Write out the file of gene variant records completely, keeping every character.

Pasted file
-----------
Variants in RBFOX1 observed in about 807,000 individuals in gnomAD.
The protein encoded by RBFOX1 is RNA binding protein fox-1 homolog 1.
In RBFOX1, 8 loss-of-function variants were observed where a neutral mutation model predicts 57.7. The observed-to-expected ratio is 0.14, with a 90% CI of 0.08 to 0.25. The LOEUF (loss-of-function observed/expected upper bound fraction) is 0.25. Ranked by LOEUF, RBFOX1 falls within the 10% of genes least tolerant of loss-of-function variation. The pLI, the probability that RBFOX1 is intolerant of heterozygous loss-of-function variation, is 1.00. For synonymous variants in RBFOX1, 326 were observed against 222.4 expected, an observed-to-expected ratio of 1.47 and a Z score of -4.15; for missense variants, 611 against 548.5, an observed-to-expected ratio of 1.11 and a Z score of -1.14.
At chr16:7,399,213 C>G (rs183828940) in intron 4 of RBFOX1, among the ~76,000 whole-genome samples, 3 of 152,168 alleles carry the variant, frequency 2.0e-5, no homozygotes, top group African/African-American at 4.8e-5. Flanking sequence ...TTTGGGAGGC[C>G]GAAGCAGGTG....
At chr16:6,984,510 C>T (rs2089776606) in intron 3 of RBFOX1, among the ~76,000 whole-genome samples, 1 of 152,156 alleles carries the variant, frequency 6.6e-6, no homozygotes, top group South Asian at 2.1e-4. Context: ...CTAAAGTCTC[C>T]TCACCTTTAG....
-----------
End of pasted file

Variants in RBFOX1 observed in about 807,000 individuals in gnomAD.
The protein encoded by RBFOX1 is RNA binding protein fox-1 homolog 1.
In RBFOX1, 8 loss-of-function variants were observed where a neutral mutation model predicts 57.7. The observed-to-expected ratio is 0.14, with a 90% CI of 0.08 to 0.25. The LOEUF (loss-of-function observed/expected upper bound fraction) is 0.25. Ranked by LOEUF, RBFOX1 falls within the 10% of genes least tolerant of loss-of-function variation. The pLI, the probability that RBFOX1 is intolerant of heterozygous loss-of-function variation, is 1.00. For synonymous variants in RBFOX1, 326 were observed against 222.4 expected, an observed-to-expected ratio of 1.47 and a Z score of -4.15; for missense variants, 611 against 548.5, an observed-to-expected ratio of 1.11 and a Z score of -1.14.
At chr16:7,399,213 C>G (rs183828940) in intron 4 of RBFOX1, among the ~76,000 whole-genome samples, 3 of 152,168 alleles carry the variant, frequency 2.0e-5, no homozygotes, top group African/African-American at 4.8e-5. Flanking sequence ...TTTGGGAGGC[C>G]GAAGCAGGTG....
At chr16:6,984,510 C>T (rs2089776606) in intron 3 of RBFOX1, among the ~76,000 whole-genome samples, 1 of 152,156 alleles carries the variant, frequency 6.6e-6, no homozygotes, top group South Asian at 2.1e-4. Context: ...CTAAAGTCTC[C>T]TCACCTTTAG....